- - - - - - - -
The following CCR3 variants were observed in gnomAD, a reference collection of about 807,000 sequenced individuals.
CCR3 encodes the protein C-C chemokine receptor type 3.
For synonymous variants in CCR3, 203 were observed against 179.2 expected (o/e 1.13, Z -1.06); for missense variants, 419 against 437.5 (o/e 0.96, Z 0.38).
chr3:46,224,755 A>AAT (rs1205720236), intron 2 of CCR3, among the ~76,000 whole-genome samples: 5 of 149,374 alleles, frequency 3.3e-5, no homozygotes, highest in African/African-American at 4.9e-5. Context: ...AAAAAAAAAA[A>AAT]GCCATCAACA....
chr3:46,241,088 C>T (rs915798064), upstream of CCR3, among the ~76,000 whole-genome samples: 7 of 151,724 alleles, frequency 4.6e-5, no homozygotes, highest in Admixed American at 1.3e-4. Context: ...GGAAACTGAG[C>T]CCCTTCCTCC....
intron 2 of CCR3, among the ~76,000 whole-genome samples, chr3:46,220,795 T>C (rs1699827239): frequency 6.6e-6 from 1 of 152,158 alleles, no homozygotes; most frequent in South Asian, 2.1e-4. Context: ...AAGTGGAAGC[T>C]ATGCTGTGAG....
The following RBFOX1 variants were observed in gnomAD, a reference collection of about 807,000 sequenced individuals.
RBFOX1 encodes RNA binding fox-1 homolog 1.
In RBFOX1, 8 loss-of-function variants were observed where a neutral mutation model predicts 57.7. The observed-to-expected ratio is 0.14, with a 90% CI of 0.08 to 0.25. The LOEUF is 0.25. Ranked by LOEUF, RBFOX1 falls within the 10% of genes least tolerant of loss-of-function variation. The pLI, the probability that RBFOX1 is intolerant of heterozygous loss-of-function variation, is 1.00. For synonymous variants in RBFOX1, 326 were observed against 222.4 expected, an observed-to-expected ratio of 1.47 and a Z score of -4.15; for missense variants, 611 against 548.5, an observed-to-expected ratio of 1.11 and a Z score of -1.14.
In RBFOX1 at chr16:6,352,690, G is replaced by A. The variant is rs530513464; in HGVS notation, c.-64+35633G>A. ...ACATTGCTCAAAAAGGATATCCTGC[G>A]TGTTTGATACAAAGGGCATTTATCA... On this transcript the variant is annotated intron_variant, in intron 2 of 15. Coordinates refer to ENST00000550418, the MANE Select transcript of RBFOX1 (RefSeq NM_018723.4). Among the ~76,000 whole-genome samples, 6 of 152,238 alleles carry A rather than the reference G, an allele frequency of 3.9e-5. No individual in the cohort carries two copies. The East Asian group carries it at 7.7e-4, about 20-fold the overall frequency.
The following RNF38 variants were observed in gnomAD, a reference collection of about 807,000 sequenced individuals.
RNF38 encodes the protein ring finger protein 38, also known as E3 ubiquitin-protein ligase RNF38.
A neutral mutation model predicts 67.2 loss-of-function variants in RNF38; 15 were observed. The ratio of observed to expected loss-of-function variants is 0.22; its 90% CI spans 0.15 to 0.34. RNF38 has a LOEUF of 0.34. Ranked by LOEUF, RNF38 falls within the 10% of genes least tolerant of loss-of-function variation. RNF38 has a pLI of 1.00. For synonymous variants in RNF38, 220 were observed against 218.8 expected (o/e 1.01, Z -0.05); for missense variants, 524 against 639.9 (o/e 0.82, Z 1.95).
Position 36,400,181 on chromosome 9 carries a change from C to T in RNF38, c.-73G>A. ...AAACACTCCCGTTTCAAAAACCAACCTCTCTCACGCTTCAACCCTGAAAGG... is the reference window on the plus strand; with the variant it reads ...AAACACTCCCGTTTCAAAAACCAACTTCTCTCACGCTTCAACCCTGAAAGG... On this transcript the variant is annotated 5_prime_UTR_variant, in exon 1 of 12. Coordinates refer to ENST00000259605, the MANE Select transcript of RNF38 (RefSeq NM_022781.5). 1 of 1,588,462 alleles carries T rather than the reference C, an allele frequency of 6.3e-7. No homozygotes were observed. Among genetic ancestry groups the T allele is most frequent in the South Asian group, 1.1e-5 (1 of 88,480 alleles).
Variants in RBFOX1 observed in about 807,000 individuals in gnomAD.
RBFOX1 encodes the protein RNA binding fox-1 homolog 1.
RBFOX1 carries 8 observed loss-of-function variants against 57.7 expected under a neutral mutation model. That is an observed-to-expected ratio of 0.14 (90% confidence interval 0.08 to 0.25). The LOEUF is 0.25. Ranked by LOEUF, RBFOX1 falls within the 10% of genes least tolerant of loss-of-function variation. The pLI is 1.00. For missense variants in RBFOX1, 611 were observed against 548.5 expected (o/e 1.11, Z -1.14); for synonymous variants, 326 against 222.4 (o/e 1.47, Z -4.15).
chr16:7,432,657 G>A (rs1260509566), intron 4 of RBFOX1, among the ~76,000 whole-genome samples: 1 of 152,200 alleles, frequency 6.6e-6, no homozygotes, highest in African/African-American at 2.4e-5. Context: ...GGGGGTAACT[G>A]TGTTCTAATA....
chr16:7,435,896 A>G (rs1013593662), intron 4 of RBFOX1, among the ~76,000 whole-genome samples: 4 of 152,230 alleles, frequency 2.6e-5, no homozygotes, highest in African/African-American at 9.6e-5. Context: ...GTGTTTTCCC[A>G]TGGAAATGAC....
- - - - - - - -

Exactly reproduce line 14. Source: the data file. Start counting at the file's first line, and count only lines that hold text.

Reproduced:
Position 36,400,181 on chromosome 9 carries a change from C to T in RNF38, c.-73G>A. ...AAACACTCCCGTTTCAAAAACCAACCTCTCTCACGCTTCAACCCTGAAAGG... is the reference window on the plus strand; with the variant it reads ...AAACACTCCCGTTTCAAAAACCAACTTCTCTCACGCTTCAACCCTGAAAGG... On this transcript the variant is annotated 5_prime_UTR_variant, in exon 1 of 12. Coordinates refer to ENST00000259605, the MANE Select transcript of RNF38 (RefSeq NM_022781.5). 1 of 1,588,462 alleles carries T rather than the reference C, an allele frequency of 6.3e-7. No homozygotes were observed. Among genetic ancestry groups the T allele is most frequent in the South Asian group, 1.1e-5 (1 of 88,480 alleles).